Every investor in Arena REIT (ASX:ARF) should be aware of the most powerful shareholder groups. Large companies usually have institutions as shareholders, and we usually see insiders owning shares in smaller companies. Companies that have been privatized tend to have low insider ownership.
Arena REIT is not a large company by global standards. It has a market capitalization of AU$996m, which means it wouldn’t have the attention of many institutional investors. Taking a look at our data on the ownership groups (below), it’s seems that institutions own shares in the company. Let’s delve deeper into each type of owner, to discover more about Arena REIT.
What Does The Institutional Ownership Tell Us About Arena REIT?
Institutional investors commonly compare their own returns to the returns of a commonly followed index. So they generally do consider buying larger companies that are included in the relevant benchmark index.
As you can see, institutional investors own 38% of Arena REIT. This suggests some credibility amongst professional investors. But we can’t rely on that fact alone, since institutions make bad investments sometimes, just like everyone does. When multiple institutions own a stock, there’s always a risk that they are in a ‘crowded trade’. When such a trade goes wrong, multiple parties may compete to sell stock fast. This risk is higher in a company without a history of growth. You can see Arena REIT’s historic earnings and revenue, below, but keep in mind there’s always more to the story.
Arena REIT is not owned by hedge funds. The Vanguard Group, Inc. is currently the company’s largest shareholder with 8.8% of shares outstanding. Australian Unity Funds Management Limited is the second largest shareholder with 7.9% of common stock, followed by First Sentier Investors (Australia) IM Ltd, holding 4.2% of the stock.
On studying our ownership data, we found that 25 of the top shareholders collectively own less than 50% of the share register, implying that no single individual has a majority interest.
Researching institutional ownership is a good way to gauge and filter a stock’s expected performance. The same can be achieved by studying analyst sentiments. There are plenty of analysts covering the stock, so it might be worth seeing what they are forecasting, too.
Insider Ownership Of Arena REIT
The definition of company insiders can be subjective, and does vary between jurisdictions. Our data reflects individual insiders, capturing board members at the very least. Company management run the business, but the CEO will answer to the board, even if he or she is a member of it.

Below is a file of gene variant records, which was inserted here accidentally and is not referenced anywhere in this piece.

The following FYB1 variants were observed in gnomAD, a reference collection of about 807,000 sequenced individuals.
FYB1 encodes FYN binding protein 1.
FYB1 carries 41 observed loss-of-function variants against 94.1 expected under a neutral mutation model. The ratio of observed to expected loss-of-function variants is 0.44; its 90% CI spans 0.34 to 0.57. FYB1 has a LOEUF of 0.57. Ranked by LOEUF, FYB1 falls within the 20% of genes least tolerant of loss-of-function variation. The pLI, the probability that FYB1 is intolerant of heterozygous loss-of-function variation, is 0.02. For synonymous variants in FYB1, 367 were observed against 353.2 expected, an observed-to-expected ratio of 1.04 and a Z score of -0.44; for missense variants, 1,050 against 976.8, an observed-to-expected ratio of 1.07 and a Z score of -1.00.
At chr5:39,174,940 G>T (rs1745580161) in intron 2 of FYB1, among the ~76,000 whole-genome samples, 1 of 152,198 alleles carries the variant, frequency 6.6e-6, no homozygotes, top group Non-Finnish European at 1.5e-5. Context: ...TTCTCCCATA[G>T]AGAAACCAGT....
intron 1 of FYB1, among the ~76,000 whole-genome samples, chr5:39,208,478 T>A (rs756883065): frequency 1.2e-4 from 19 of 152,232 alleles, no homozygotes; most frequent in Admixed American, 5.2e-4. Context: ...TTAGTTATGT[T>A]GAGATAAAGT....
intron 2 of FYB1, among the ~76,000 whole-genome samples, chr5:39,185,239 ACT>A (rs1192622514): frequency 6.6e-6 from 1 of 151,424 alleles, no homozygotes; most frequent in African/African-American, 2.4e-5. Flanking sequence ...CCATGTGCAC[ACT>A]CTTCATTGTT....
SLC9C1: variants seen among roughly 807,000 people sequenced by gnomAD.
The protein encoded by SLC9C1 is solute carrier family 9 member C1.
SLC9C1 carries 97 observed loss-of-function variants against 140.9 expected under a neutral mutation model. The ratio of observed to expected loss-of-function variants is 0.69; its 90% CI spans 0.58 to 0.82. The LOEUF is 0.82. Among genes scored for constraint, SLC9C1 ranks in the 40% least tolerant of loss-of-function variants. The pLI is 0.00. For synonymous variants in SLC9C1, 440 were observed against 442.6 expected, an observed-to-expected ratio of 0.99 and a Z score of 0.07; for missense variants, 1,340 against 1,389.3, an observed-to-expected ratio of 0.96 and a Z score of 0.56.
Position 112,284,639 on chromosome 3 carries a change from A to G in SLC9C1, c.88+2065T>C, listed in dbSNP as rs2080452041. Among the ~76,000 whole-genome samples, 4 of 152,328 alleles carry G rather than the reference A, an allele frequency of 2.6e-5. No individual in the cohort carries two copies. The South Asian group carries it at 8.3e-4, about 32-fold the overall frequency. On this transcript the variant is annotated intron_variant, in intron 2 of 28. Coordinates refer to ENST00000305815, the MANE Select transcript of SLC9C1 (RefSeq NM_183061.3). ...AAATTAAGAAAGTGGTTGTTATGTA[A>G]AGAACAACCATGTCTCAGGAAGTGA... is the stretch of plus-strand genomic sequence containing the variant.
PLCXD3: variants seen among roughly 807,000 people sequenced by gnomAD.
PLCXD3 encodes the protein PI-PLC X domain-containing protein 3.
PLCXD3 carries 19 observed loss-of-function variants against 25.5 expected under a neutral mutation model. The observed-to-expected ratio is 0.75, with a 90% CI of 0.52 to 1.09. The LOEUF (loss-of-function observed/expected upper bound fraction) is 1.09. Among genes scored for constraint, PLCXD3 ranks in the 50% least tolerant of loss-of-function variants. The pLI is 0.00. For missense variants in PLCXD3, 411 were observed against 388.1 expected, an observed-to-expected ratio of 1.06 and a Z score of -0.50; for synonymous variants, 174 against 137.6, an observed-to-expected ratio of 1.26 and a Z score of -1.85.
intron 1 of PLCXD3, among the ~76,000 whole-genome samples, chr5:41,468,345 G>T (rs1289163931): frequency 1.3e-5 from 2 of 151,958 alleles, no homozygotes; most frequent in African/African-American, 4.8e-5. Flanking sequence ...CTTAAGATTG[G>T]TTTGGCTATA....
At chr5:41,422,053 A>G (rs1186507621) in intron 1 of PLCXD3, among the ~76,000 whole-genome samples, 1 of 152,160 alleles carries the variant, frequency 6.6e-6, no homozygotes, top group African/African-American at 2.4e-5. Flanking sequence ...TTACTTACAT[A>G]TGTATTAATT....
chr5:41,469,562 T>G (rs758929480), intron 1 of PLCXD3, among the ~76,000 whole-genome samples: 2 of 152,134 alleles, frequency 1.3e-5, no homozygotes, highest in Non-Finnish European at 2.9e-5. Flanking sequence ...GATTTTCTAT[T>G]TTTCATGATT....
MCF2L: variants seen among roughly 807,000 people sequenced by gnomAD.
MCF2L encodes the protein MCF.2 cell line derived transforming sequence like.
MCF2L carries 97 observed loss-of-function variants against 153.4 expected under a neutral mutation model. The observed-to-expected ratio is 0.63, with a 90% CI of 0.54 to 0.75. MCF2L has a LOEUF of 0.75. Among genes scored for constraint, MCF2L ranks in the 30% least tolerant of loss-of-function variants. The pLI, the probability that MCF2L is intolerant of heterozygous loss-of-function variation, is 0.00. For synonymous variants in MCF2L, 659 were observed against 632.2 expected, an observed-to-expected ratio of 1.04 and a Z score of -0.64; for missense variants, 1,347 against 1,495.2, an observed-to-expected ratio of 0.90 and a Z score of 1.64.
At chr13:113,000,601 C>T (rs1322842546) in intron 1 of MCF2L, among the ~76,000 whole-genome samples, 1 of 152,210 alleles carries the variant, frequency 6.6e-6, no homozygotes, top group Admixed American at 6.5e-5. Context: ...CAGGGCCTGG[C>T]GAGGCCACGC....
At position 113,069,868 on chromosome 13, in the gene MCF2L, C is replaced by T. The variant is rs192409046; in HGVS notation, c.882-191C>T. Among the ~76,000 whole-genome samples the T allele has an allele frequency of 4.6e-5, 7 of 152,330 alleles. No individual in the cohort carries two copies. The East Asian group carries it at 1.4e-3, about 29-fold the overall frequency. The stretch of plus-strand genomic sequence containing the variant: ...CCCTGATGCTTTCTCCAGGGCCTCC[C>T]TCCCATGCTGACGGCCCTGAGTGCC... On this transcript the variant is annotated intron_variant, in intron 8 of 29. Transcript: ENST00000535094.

Insider ownership is positive when it signals leadership are thinking like the true owners of the company. However, high insider ownership can also give immense power to a small group within the company. This can be negative in some circumstances.
Shareholders would probably be interested to learn that insiders own shares in Arena REIT. In their own names, insiders own AU$12m worth of stock in the AU$996m company. Some would say this shows alignment of interests between shareholders and the board. But it might be worth checking if those insiders have been selling.
General Public Ownership
The general public, who are mostly retail investors, collectively hold 61% of Arena REIT shares. This size of ownership gives retail investors collective power. They can and probably do influence decisions on executive compensation, dividend policies and proposed business acquisitions.
It’s always worth thinking about the different groups who own shares in a company. But to understand Arena REIT better, we need to consider many other factors. Be aware that Arena REIT is showing 4 warning signs in our investment analysis , and 1 of those is a bit unpleasant…
But ultimately it is the future, not the past, that will determine how well the owners of this business will do. Therefore we think it advisable to take a look at this free report showing whether analysts are predicting a brighter future.
NB: Figures in this article are calculated using data from the last twelve months, which refer to the 12-month period ending on the last date of the month the financial statement is dated. This may not be consistent with full year annual report figures.
If you spot an error that warrants correction, please contact the editor at firstname.lastname@example.org. This article by Simply Wall St is general in nature. It does not constitute a recommendation to buy or sell any stock, and does not take account of your objectives, or your financial situation. Simply Wall St has no position in the stocks mentioned.
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